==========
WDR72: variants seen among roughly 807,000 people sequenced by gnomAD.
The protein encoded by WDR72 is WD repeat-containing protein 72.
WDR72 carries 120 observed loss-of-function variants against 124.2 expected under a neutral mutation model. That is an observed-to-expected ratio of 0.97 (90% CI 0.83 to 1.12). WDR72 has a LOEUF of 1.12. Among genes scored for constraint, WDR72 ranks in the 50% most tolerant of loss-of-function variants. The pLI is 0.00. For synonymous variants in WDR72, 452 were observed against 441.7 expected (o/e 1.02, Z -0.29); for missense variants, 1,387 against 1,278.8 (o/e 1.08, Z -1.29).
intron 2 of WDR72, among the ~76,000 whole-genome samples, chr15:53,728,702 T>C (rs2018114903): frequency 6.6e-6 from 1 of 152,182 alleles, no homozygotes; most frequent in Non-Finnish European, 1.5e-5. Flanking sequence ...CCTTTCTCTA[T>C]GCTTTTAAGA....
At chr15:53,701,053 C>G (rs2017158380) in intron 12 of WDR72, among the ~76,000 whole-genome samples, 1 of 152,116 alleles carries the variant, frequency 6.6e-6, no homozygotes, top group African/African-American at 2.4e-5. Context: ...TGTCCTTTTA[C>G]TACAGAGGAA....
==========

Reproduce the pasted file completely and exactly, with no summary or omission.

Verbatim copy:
WDR72: variants seen among roughly 807,000 people sequenced by gnomAD.
The protein encoded by WDR72 is WD repeat-containing protein 72.
WDR72 carries 120 observed loss-of-function variants against 124.2 expected under a neutral mutation model. That is an observed-to-expected ratio of 0.97 (90% CI 0.83 to 1.12). WDR72 has a LOEUF of 1.12. Among genes scored for constraint, WDR72 ranks in the 50% most tolerant of loss-of-function variants. The pLI is 0.00. For synonymous variants in WDR72, 452 were observed against 441.7 expected (o/e 1.02, Z -0.29); for missense variants, 1,387 against 1,278.8 (o/e 1.08, Z -1.29).
intron 2 of WDR72, among the ~76,000 whole-genome samples, chr15:53,728,702 T>C (rs2018114903): frequency 6.6e-6 from 1 of 152,182 alleles, no homozygotes; most frequent in Non-Finnish European, 1.5e-5. Flanking sequence ...CCTTTCTCTA[T>C]GCTTTTAAGA....
At chr15:53,701,053 C>G (rs2017158380) in intron 12 of WDR72, among the ~76,000 whole-genome samples, 1 of 152,116 alleles carries the variant, frequency 6.6e-6, no homozygotes, top group African/African-American at 2.4e-5. Context: ...TGTCCTTTTA[C>G]TACAGAGGAA....